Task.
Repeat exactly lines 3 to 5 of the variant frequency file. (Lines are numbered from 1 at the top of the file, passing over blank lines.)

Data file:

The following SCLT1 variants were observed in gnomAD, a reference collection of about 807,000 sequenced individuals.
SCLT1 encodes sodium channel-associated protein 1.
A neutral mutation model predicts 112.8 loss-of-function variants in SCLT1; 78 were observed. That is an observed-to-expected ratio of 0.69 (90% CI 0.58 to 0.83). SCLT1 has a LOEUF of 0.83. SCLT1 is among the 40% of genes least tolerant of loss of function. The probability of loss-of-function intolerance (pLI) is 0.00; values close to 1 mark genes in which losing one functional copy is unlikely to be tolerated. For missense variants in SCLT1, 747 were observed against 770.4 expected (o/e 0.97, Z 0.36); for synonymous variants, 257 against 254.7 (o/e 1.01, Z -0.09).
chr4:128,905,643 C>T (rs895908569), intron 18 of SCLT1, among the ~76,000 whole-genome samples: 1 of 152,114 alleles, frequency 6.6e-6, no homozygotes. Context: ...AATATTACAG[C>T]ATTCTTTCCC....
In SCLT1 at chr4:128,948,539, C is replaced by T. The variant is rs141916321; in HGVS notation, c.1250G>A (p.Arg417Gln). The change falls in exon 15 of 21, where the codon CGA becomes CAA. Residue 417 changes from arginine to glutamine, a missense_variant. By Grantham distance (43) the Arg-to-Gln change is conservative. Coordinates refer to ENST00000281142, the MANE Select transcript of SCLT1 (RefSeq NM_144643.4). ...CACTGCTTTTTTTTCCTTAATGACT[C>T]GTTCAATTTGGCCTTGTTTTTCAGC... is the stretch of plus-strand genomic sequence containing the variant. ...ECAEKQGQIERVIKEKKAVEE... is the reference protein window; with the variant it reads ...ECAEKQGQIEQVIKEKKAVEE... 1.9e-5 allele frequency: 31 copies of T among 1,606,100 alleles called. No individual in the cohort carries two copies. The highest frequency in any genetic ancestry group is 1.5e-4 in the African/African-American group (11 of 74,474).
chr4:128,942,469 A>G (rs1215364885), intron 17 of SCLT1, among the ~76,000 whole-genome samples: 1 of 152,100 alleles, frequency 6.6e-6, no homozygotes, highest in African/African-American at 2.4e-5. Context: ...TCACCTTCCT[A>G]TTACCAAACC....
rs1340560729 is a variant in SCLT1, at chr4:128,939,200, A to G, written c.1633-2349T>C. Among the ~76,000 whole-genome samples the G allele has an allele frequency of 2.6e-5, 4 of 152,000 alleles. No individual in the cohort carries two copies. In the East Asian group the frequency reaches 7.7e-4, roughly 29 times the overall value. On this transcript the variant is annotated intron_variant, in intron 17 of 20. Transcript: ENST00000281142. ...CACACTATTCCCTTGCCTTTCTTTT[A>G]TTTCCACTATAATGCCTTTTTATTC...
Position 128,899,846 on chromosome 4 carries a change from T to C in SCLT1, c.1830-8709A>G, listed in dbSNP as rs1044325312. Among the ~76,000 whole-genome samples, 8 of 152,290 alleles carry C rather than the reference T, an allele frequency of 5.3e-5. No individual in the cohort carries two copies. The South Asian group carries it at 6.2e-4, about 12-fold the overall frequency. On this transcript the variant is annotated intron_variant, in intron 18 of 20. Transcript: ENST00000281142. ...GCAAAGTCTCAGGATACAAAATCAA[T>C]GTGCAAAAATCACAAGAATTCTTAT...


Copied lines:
A neutral mutation model predicts 112.8 loss-of-function variants in SCLT1; 78 were observed. That is an observed-to-expected ratio of 0.69 (90% CI 0.58 to 0.83). SCLT1 has a LOEUF of 0.83. SCLT1 is among the 40% of genes least tolerant of loss of function. The probability of loss-of-function intolerance (pLI) is 0.00; values close to 1 mark genes in which losing one functional copy is unlikely to be tolerated. For missense variants in SCLT1, 747 were observed against 770.4 expected (o/e 0.97, Z 0.36); for synonymous variants, 257 against 254.7 (o/e 1.01, Z -0.09).
chr4:128,905,643 C>T (rs895908569), intron 18 of SCLT1, among the ~76,000 whole-genome samples: 1 of 152,114 alleles, frequency 6.6e-6, no homozygotes. Context: ...AATATTACAG[C>T]ATTCTTTCCC....
In SCLT1 at chr4:128,948,539, C is replaced by T. The variant is rs141916321; in HGVS notation, c.1250G>A (p.Arg417Gln). The change falls in exon 15 of 21, where the codon CGA becomes CAA. Residue 417 changes from arginine to glutamine, a missense_variant. By Grantham distance (43) the Arg-to-Gln change is conservative. Coordinates refer to ENST00000281142, the MANE Select transcript of SCLT1 (RefSeq NM_144643.4). ...CACTGCTTTTTTTTCCTTAATGACT[C>T]GTTCAATTTGGCCTTGTTTTTCAGC... is the stretch of plus-strand genomic sequence containing the variant. ...ECAEKQGQIERVIKEKKAVEE... is the reference protein window; with the variant it reads ...ECAEKQGQIEQVIKEKKAVEE... 1.9e-5 allele frequency: 31 copies of T among 1,606,100 alleles called. No individual in the cohort carries two copies. The highest frequency in any genetic ancestry group is 1.5e-4 in the African/African-American group (11 of 74,474).